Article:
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4.2.3 Second computer (the FirstClass server)

The computer on the right of Figure 11 receives the data, manipulates it and then stores it. The computer then typically sends some kind of response back via the network, which may require the computer to retrieve some stored data.

The computer in this example is one of the Ope
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4.2.2 Network

In the same way as in the network shown in Figure 8, this network conveys the data to the receiver, selecting the most appropriate route for it to travel. In order to do this, the network may need to manipulate and store or retrieve data.

Your computer sends the FirstClass message
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13.4 Flash memory

Flash memory is an electronic form of memory which can be used, erased and reused. A flash memory card is a small storage device used to store data such as text, pictures, sound and video. These cards are used in portable devices such as digital cameras and in small portable computers, such as Personal Digital Assistants (PDAs).

A USB flash memory, sometimes called a ‘memory stick’, is a small storage device which is completely external and connects to the computer via a USB
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13.3 Optical storage

A CD-ROM (Compact Disk Read Only Memory) uses a laser-based optical form of storage. This type of disk has been used for many years to distribute music and computer software. A CD-ROM drive is needed to read the disks. Data is locked into the disk during manufacture, and cannot afterwards be changed.

There are two other types of CD device for computers: CD-R (CD-recordable) and CD-RW (CD-rewritable). With the right sort of CD drive in your computer, you can ‘burn’ data (that
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13.1 Introduction

I'll now introduce you to some different storage media and devices. As the uses for ICTs have expanded and developed, so has the need to store ever larger amounts of data. I've quoted some figures for storage capacity in this section but, given the rapid rate of development in ICT systems, some of these figures may be out of date when you read this unit.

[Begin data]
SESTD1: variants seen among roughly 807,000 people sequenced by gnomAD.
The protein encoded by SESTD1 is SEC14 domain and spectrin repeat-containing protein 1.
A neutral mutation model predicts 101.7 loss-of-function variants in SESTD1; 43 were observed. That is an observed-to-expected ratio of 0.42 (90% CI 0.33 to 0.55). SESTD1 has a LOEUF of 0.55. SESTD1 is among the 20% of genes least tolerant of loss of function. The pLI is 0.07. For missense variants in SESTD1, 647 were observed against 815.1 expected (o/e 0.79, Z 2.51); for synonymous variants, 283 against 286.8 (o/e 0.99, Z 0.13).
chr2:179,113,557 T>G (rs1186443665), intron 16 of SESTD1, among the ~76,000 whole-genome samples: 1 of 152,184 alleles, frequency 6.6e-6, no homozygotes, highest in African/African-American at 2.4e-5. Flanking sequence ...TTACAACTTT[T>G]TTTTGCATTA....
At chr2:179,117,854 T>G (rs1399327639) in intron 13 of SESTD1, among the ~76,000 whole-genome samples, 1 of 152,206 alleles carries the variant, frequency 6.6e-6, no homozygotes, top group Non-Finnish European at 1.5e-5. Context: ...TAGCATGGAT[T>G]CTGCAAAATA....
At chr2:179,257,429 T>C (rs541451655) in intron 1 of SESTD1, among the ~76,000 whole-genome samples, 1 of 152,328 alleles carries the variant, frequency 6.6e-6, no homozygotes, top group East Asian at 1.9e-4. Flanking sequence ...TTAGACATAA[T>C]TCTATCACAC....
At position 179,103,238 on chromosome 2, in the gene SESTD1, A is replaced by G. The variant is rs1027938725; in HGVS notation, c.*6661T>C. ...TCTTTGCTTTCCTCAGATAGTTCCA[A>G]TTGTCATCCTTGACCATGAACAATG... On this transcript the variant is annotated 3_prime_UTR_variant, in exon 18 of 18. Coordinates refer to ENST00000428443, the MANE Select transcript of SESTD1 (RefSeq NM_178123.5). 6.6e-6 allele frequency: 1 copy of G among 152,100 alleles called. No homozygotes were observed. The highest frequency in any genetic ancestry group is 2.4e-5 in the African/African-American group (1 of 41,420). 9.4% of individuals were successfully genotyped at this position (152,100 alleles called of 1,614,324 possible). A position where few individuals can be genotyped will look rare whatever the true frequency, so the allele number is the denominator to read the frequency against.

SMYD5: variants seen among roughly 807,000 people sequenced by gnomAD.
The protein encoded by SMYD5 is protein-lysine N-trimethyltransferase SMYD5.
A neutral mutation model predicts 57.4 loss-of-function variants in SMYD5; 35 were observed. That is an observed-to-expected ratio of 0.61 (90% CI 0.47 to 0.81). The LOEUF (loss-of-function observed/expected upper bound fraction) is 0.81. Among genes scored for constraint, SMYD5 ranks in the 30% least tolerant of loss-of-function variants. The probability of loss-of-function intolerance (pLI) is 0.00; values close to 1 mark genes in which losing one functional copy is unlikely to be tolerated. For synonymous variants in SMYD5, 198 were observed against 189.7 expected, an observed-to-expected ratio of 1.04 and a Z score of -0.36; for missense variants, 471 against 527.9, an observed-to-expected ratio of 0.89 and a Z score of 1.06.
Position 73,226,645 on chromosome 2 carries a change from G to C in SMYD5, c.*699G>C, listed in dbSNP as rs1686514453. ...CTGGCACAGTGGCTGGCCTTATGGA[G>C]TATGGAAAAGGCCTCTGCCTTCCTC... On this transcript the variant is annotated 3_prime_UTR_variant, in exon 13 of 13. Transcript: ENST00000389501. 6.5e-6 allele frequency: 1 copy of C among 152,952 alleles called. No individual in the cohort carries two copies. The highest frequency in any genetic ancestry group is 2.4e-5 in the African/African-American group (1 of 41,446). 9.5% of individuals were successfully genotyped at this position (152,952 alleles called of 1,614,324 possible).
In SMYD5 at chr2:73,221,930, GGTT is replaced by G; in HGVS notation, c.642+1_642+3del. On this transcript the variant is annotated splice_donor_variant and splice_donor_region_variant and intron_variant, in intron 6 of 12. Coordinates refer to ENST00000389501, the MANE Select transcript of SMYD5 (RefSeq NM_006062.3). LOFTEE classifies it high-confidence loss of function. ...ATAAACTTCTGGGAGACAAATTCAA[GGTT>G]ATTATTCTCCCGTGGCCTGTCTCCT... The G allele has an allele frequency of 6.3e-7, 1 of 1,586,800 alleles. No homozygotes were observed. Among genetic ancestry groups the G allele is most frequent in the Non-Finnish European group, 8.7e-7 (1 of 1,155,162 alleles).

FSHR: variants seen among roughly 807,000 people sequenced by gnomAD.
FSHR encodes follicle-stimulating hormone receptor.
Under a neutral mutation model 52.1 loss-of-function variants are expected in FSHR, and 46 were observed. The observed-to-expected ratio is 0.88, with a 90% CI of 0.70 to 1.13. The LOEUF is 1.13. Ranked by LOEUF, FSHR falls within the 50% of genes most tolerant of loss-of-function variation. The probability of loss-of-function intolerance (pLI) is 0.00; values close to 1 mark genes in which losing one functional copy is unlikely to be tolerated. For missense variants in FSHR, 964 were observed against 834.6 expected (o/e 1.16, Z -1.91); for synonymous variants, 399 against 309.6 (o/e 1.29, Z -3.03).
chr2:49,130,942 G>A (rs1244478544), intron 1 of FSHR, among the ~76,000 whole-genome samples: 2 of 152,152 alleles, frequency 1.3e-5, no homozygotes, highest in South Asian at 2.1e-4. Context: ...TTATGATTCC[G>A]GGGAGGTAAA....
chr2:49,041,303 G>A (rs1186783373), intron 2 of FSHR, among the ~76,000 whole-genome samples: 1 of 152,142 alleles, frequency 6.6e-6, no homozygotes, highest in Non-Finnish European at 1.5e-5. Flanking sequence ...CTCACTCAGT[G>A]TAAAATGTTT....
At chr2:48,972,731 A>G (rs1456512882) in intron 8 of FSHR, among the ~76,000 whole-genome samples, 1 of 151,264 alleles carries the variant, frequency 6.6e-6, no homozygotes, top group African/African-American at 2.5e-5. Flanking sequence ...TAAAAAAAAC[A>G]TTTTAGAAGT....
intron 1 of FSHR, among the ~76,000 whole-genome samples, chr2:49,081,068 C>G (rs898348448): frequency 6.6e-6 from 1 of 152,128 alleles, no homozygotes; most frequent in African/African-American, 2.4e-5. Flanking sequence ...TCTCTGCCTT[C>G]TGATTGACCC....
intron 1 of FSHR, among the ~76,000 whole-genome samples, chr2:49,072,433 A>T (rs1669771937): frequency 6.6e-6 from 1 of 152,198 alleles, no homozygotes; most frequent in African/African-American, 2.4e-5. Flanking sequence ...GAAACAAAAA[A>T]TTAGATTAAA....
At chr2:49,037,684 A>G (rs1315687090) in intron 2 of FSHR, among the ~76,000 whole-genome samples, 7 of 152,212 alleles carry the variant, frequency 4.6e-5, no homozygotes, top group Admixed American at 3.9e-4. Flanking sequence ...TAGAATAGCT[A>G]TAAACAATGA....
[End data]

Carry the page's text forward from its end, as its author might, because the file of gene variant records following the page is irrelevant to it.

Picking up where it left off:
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11.7 Applications

Most people buy computers in order to run applications. There are many different examples of software application, including word processors and spreadsheet, database and graphics packages. Some are combined together in ‘office’ suites, such as the StarOffice applications you can find on the Open University's Online Applications disk.

Word-processing software, such as Microsoft Word, allows you to create, edit and store documents. You can produce very professional-looking do
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11.6 Operating systems

A computer requires software just to look after itself and to manage all its components; this is called the operating system. The operating system handles communication with the other software on the computer and with the hardware resources of the machine, such as the processor and memory. The operating system provides a means of running the computer's application programs. It also provides a standard user interface with windows, buttons and menus so that users can interact with the co